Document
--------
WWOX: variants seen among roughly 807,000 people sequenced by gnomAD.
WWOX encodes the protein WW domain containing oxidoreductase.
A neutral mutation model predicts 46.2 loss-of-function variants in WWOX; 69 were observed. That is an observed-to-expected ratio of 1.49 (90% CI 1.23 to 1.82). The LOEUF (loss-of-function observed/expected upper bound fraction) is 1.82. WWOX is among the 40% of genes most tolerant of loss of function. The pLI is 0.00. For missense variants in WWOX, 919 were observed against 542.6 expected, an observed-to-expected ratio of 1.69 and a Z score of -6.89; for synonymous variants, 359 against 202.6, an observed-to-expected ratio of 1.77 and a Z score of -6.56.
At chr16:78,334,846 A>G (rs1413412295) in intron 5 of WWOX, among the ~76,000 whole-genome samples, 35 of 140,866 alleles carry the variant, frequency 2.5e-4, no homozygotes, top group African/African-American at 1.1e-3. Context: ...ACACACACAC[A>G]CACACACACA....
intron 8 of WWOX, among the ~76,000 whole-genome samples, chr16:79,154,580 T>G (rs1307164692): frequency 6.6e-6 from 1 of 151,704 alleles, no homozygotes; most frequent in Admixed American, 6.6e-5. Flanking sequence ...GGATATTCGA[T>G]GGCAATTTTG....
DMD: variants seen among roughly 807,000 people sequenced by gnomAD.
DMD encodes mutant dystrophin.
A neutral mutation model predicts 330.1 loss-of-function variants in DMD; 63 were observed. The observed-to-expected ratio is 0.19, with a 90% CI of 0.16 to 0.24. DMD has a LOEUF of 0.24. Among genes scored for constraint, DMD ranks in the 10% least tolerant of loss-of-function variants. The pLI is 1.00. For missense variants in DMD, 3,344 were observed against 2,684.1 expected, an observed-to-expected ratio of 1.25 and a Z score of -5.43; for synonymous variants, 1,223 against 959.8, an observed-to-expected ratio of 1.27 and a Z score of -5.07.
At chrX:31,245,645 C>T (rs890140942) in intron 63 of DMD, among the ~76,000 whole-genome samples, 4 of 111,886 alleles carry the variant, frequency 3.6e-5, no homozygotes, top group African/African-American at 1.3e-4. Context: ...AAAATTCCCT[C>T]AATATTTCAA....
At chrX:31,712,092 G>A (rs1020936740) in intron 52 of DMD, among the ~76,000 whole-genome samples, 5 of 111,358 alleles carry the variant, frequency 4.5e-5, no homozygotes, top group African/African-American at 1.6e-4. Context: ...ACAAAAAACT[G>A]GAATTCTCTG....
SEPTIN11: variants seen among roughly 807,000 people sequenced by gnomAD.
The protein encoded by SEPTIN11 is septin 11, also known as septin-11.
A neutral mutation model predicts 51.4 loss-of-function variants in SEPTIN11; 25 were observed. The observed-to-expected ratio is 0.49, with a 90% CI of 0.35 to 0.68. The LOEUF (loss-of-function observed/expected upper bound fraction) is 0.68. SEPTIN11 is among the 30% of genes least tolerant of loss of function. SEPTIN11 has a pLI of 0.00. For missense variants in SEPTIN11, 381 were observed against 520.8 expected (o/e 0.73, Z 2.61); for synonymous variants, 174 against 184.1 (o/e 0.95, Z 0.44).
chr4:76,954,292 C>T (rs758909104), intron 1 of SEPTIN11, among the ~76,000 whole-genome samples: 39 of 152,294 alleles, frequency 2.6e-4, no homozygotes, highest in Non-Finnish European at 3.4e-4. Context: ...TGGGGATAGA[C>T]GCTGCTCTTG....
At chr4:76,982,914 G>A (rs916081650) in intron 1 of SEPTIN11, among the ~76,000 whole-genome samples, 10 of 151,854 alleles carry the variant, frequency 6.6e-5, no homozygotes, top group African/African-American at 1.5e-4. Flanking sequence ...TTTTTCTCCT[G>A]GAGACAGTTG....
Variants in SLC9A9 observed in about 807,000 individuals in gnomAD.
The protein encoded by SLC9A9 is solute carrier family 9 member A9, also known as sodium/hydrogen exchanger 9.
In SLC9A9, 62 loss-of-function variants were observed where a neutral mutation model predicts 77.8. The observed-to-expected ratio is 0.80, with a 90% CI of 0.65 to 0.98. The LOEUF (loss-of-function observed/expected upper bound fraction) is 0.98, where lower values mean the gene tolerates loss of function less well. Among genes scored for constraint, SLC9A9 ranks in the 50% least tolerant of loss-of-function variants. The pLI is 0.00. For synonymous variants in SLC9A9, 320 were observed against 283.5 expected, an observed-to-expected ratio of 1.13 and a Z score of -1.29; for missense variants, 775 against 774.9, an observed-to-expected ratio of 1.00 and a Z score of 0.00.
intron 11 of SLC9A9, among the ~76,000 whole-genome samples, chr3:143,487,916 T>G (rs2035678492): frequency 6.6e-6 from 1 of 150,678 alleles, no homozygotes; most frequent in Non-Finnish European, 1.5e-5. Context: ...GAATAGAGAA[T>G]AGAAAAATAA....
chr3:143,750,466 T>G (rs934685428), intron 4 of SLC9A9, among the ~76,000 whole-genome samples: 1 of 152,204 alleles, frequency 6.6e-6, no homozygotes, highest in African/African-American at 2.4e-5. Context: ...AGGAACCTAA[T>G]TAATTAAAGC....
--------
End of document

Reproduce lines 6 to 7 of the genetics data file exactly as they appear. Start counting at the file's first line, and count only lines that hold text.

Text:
DMD: variants seen among roughly 807,000 people sequenced by gnomAD.
DMD encodes mutant dystrophin.